On June 30, 2021, Missouri became the latest entrant to impose sales, and use tax as Governor Parson signed into law the Wayfair bill (Senate Bill 153 and 97). The purpose of the bill is to impose online sales tax on out-of-state vendors. This move was emboldened by the ruling passed by the U.S Supreme Court in South Dakota v. Wayfair Inc. in 2018. Now states have the authority to collect sales from businesses not physically located in a state. Missouri is now the last of the 45 states that have adopted a statewide sales tax with Wayfair Law.
In a press release, Governor Parson boldly stated that the law was going to benefit the over 570,000 Missouri small businesses allowing them to operate on the same level as out-of-state retailers not keen on investing within the community or providing jobs to citizens. This law intends to protect small physical businesses in Missouri while limiting larger online businesses. However, the Wayfair bill will become effective from January 1, 2023.
Currently, Missouri companies collect and remit state sales tax to other states but out-of-state companies are not charging sales taxes. As a result, they are losing significant revenue while large online retailers sail through. With the law, there will be an economic nexus threshold on annual online sales reaching up to $100,000. Similarly, from 2023 any out-of-state business without a physical location must register with the Missouri Department of Revenue to enact the new tax rules provided it generated the set minimum gross sales (current or previous year) from selling tangible property in Missouri. Along the same lines, the governor awarded working Missouri residents a $380 million tax cut.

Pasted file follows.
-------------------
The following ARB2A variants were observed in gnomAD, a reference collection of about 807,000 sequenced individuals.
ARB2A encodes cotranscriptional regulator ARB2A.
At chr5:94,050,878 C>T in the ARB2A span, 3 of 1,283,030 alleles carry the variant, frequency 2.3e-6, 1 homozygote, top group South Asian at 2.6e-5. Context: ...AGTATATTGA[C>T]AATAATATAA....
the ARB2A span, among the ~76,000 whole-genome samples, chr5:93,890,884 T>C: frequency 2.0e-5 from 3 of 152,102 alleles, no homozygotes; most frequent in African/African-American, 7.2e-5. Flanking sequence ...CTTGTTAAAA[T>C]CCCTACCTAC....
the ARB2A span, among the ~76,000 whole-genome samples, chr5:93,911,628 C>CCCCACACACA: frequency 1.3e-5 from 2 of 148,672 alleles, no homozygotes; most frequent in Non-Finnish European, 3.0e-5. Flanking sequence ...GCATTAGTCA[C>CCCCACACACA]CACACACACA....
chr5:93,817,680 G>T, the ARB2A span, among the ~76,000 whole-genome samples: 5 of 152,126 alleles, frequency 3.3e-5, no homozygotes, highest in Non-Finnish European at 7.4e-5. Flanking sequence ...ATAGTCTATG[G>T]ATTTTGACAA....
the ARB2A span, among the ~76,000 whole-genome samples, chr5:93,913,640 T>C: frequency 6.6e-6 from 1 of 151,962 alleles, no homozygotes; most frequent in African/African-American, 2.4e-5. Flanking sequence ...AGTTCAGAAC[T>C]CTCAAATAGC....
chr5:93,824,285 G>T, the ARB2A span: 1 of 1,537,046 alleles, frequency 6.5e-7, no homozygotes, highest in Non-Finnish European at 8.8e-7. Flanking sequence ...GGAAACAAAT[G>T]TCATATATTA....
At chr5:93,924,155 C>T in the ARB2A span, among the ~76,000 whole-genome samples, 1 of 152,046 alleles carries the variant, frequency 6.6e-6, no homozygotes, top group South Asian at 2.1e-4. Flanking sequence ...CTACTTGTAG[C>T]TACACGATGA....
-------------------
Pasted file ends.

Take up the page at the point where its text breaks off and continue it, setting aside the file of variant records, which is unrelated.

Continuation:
When the law takes effect, some noticeable changes occur. For example, the running of local and online businesses, the trajectory of sales, and consumer behavior trends.
Expected Implications of the Wayfair Law
- Ranked as the 5th state in the affordability category, this new law acts as a great incentive to encourage more businesses and people to reside in Missouri. With the Missouri sales tax imposed, small businesses stand a fighting chance as online retailers.
- The new changes also gift individual workers with an income tax cut to 4.8%. Thus, they can afford to buy from local Missouri shops instead of out-of-state retailers. Previously, most buyers preferred online retailers because they did not impose the sales tax. However, Missouri State Senator Tony Luetkemeyer, R-Parkville is of the view that the tax increase adds more weight to citizens already dealing with the negative impacts of the pandemic such as unemployment.
- With online retailers being required to pay the same category of taxes, it will promote fair competition, and they will now work to market their services and products and retain their customers given they could shave off up to 11% of the cost. Now, they will have to deal with potential pricing wars with local businesses as customers look for better deals.
Lawmakers, local businesses, and residents view this law's passing as a big win, especially with the accompanying tax cuts. There is an estimated $80 million to $120 million to be raised from the tax adding to the general revenue fund. The state will also collectively raise approximately $50 million for education and conservation purposes. However, everyone has to wait until 2023 to collect the money with Wayfair Law.
As a small business owner, the oncoming Wayfair law will impact you in more ways than one. As you prepare to integrate it into your operations, we recommend that you work with someone to guide you through the requirements of collection and remittance of the Missouri sales tax.
At Sales Tax Helper, we offer sales tax consulting, sales tax audit defense, and sales tax audit appeal services. We can help you understand more and fully prepare for when the law comes into effect. We know Missouri sales tax, Missouri sales tax audit, and consulting services. Do not hesitate to contact us.